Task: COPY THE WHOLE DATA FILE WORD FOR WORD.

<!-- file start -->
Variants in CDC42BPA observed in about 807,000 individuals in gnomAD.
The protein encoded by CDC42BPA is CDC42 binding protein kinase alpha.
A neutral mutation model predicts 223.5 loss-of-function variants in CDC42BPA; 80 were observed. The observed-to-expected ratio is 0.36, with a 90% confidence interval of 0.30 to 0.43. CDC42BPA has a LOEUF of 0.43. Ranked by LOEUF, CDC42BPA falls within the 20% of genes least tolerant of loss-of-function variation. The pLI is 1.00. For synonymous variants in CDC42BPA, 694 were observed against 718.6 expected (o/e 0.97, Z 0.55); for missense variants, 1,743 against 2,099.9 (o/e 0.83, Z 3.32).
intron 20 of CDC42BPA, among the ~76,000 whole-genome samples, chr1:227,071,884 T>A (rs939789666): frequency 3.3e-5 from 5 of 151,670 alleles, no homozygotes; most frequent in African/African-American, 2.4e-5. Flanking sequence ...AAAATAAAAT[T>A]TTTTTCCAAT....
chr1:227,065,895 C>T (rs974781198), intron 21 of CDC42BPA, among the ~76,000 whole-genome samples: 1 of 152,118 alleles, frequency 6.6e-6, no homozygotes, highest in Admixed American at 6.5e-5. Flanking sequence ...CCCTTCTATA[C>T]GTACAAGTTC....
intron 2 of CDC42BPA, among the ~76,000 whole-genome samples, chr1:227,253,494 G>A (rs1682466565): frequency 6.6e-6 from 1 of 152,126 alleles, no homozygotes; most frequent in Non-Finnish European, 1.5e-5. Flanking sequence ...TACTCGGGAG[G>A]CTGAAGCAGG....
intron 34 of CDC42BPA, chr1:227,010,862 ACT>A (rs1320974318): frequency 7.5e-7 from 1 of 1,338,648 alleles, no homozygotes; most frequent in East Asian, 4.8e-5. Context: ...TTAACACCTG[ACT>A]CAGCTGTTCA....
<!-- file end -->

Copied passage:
Variants in CDC42BPA observed in about 807,000 individuals in gnomAD.
The protein encoded by CDC42BPA is CDC42 binding protein kinase alpha.
A neutral mutation model predicts 223.5 loss-of-function variants in CDC42BPA; 80 were observed. The observed-to-expected ratio is 0.36, with a 90% confidence interval of 0.30 to 0.43. CDC42BPA has a LOEUF of 0.43. Ranked by LOEUF, CDC42BPA falls within the 20% of genes least tolerant of loss-of-function variation. The pLI is 1.00. For synonymous variants in CDC42BPA, 694 were observed against 718.6 expected (o/e 0.97, Z 0.55); for missense variants, 1,743 against 2,099.9 (o/e 0.83, Z 3.32).
intron 20 of CDC42BPA, among the ~76,000 whole-genome samples, chr1:227,071,884 T>A (rs939789666): frequency 3.3e-5 from 5 of 151,670 alleles, no homozygotes; most frequent in African/African-American, 2.4e-5. Flanking sequence ...AAAATAAAAT[T>A]TTTTTCCAAT....
chr1:227,065,895 C>T (rs974781198), intron 21 of CDC42BPA, among the ~76,000 whole-genome samples: 1 of 152,118 alleles, frequency 6.6e-6, no homozygotes, highest in Admixed American at 6.5e-5. Flanking sequence ...CCCTTCTATA[C>T]GTACAAGTTC....
intron 2 of CDC42BPA, among the ~76,000 whole-genome samples, chr1:227,253,494 G>A (rs1682466565): frequency 6.6e-6 from 1 of 152,126 alleles, no homozygotes; most frequent in Non-Finnish European, 1.5e-5. Flanking sequence ...TACTCGGGAG[G>A]CTGAAGCAGG....
intron 34 of CDC42BPA, chr1:227,010,862 ACT>A (rs1320974318): frequency 7.5e-7 from 1 of 1,338,648 alleles, no homozygotes; most frequent in East Asian, 4.8e-5. Context: ...TTAACACCTG[ACT>A]CAGCTGTTCA....